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Value Theory, Miscellaneous

Edited by Gwen Bradford (Rice University)
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  1. added 2016-06-25
    Juliano Santos do Carmo, Flávia Carvalho, Clademir Araldi, Carlos Miraglia, Alberto Semeler, Adriano Naves de Brito, Sofia Stein, Marco Azevedo & Nythamar de Oliveira (2013). Naturalism: Contemporary Perspectives. NEPFIL Online | Dissertatio's Series of Philosophy.
    The basic assumption present in these articles is that naturalism is highly compatible with a wide range of relevant philosophical questions and that, regardless of the classical problems faced by the naturalist, the price paid in endorsing naturalism is lower than that paid by essentialist or supernaturalist theories. Yet, the reader will find a variety of approaches, from naturalism in Moral Philosophy and Epistemology to naturalism in the Philosophy of Language, Philosophy of Mind and of the Aesthetics.
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  2. added 2016-06-13
    Richard Oxenberg, The Teleological Suspension of the Ethical: Abraham, Isaac, and the Challenge of Faith.
    God demands that Abraham sacrifice his son Isaac. Why? Kierkegaard tells us that God requires of Abraham a "teleological suspension of the ethical." In this essay I explore the meanings of the ethical, God, and faith in an effort to shed light on Kierkegaard's claim and, more broadly, on the meaning of the biblical story itself.
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  3. added 2016-06-13
    Andrew Spear, Werner Ceusters & Barry Smith (forthcoming). Functions in Basic Formal Ontology. Applied Ontology 11.
    The notion of function is indispensable to our understanding of distinctions such as that between being broken and being in working order (for artifacts) and between being diseased and being healthy (for organisms). A clear account of the ontology of functions and functioning is thus an important desideratum for any top-level ontology intended for application to domains such as engineering or medicine. The benefit of using top-level ontologies in applied ontology can only be realized when each of the categories identified (...)
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  4. added 2016-06-13
    Miles Tucker (2016). The Pen, the Dress, and the Coat: A Confusion in Goodness. Philosophical Studies 173 (7):1911-1922.
    Conditionalists say that the value something has as an end—its final value—may be conditional on its extrinsic features. They support this claim by appealing to examples: Kagan points to Abraham Lincoln’s pen, Rabinowicz and Rønnow-Rasmussen to Lady Diana’s dress, and Korsgaard to a mink coat. They contend that these things may have final value in virtue of their historical or societal roles. These three examples have become familiar: many now merely mention them to establish the conditionalist position. But the widespread (...)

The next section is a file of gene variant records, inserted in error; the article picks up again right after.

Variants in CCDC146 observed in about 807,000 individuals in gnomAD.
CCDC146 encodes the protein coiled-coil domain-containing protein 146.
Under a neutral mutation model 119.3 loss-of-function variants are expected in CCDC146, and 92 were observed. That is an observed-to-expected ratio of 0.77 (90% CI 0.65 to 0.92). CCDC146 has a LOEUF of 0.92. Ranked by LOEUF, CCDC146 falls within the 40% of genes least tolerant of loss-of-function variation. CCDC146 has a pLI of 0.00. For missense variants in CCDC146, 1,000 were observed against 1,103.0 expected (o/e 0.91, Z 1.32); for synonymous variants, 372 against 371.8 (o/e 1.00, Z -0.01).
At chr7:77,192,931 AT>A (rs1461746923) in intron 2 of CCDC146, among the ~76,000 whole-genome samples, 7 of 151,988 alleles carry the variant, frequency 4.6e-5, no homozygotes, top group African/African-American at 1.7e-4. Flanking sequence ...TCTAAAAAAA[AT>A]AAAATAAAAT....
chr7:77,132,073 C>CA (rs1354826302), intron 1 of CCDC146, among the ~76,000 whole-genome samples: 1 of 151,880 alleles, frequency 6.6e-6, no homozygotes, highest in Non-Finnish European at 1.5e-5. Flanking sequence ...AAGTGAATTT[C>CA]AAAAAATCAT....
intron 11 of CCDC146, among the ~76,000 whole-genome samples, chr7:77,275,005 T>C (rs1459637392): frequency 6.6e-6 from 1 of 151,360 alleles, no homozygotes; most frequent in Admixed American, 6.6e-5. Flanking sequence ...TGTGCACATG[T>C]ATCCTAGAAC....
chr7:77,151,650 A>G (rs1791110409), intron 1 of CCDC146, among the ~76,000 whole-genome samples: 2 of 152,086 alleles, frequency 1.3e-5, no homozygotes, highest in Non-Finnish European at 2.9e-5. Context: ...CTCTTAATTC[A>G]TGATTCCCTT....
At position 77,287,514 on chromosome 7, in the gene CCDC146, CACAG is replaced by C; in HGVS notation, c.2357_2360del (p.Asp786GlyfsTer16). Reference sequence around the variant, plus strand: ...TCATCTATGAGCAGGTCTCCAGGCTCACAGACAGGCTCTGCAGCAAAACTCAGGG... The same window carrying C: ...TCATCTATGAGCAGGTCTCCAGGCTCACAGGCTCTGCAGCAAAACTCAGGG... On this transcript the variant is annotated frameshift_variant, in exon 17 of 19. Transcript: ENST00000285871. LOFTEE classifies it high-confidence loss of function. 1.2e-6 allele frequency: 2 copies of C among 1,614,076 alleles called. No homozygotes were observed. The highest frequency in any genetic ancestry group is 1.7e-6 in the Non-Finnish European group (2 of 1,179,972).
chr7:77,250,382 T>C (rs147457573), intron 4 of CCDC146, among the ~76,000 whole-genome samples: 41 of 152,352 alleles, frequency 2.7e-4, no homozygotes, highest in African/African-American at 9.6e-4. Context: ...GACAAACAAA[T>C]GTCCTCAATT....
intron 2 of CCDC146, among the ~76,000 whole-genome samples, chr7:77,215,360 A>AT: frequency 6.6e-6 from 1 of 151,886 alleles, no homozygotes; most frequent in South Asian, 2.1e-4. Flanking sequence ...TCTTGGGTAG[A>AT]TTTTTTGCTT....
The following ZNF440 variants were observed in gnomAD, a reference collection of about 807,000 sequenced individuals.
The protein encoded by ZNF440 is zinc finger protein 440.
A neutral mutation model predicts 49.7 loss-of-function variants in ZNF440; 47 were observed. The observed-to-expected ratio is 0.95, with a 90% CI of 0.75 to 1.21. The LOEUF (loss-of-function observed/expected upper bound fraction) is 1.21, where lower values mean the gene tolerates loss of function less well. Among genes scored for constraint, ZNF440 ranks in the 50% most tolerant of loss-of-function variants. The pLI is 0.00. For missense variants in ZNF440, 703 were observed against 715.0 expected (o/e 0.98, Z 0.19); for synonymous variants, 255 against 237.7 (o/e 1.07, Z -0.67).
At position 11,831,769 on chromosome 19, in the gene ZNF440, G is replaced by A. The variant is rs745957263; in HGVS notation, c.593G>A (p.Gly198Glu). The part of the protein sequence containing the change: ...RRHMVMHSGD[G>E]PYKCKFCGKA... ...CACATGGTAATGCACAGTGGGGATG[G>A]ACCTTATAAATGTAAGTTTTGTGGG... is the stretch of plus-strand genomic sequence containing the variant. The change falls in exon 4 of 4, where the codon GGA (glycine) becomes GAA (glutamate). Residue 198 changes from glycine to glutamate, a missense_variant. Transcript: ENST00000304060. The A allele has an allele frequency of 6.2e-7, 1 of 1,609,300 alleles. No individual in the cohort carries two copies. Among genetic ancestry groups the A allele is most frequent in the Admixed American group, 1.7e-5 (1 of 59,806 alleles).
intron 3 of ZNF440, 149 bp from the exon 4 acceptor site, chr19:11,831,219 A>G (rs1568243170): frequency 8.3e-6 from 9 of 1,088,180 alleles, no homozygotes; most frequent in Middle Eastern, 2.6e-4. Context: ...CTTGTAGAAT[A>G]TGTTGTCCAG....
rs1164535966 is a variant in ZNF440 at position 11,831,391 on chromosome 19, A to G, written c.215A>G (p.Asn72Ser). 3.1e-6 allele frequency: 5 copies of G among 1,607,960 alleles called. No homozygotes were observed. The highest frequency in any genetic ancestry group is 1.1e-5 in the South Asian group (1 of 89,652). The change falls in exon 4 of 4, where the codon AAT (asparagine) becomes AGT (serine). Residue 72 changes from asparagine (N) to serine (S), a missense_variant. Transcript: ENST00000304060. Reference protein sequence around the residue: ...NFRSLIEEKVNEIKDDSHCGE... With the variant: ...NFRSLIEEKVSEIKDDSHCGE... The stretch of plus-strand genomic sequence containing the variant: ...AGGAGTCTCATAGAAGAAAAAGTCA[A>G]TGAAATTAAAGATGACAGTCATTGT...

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  5. added 2016-06-13
    Richard Schoch (2011). Maximize Your Pleasure. In Felicia Huppert & P. Alex Linley (eds.), Happiness and Well-Being. Routeldge 27-47.
    A essay on the epicurean philosophy of happiness and well-being.
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  6. added 2016-06-09
    Kurt Lampe (2014). The Birth of Hedonism: The Cyrenaic Philosophers and Pleasure as a Way of Life. Princeton University Press.
  7. added 2016-06-07
    Kieran Setiya (forthcoming). Retrospection. Philosophers' Imprint.
    Argues from nostalgia, affirmation, and regret to a principle of ‘specificity’: it can be rational to respond more strongly to facts that provide you with reasons than to the fact that such reasons exist.
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  8. added 2016-06-07
    Fergus Peace (forthcoming). Consequentialism, Goodness, and States of Affairs. Journal of Value Inquiry 50:1-18.
    Consequentialists claim that their theory is simply that the right action is whichever one will lead to the best state of affairs - and that this formulation provides a powerful intuitive ground for accepting consequentialism. Recent arguments in value theory threaten to show that this formulation lacks either coherent meaning, because states of affairs cannot be good simpliciter, or philosophical power, because their goodness provides no reason to bring them about. I respond to two such arguments - from Judith Jarvis (...)
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  9. added 2016-06-06
    Nicholas Southwood (forthcoming). The Motivation Question. Philosophical Studies.
    How does it happen that our beliefs about what we ought to do cause us to intend to do what we believe we ought to do? This is what John Broome calls the "motivation question." Broome’s answer to the motivation question is that we can bring ourselves, by our own efforts, to intend to do what we believe we ought to do by exercising a special agential capacity: the capacity to engage in what he calls enkratic reasoning. My aim is (...)
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  10. added 2016-06-01
    Thomas M. Besch, Schmidtz on Moral Recognition Rules: A Critique.
    David Schmidtz’s reconstruction of morality advances Hart-type recognition rules for a “personal” and an “interpersonal” strand of morality. I argue that his view does not succeed for reasons owed both to the way in which Schmidtz construes of the task of reconstructing morality and the content of the moral recognition rules that he proposes. For Schmidtz, this task must be approached from a Hart-type “internal” perspective, but this leaves his reconstruction with an unresolved problem of parochiality. And he reconstructs morality (...)
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  11. added 2016-05-30
    Debbie Roberts (2013). 'It's Evaluation, Only Thicker'. In Simon Kirchin (ed.), Thick Concepts. Oxford University Press
  12. added 2016-05-29
    Marcus Arvan, Errata - Rightness as Fairness: A Moral and Political Theory.
  13. added 2016-05-23
    Mark Alfano, Andrew Higgins & Jacob Levernier (forthcoming). Mapping Human Values: Enhancing Social Marketing Through Obituary Data-Mining. In Eda Gurel-Atay & Lynn Kahle (eds.), Social and Cultural Values in a Global and Digital Age. Routledge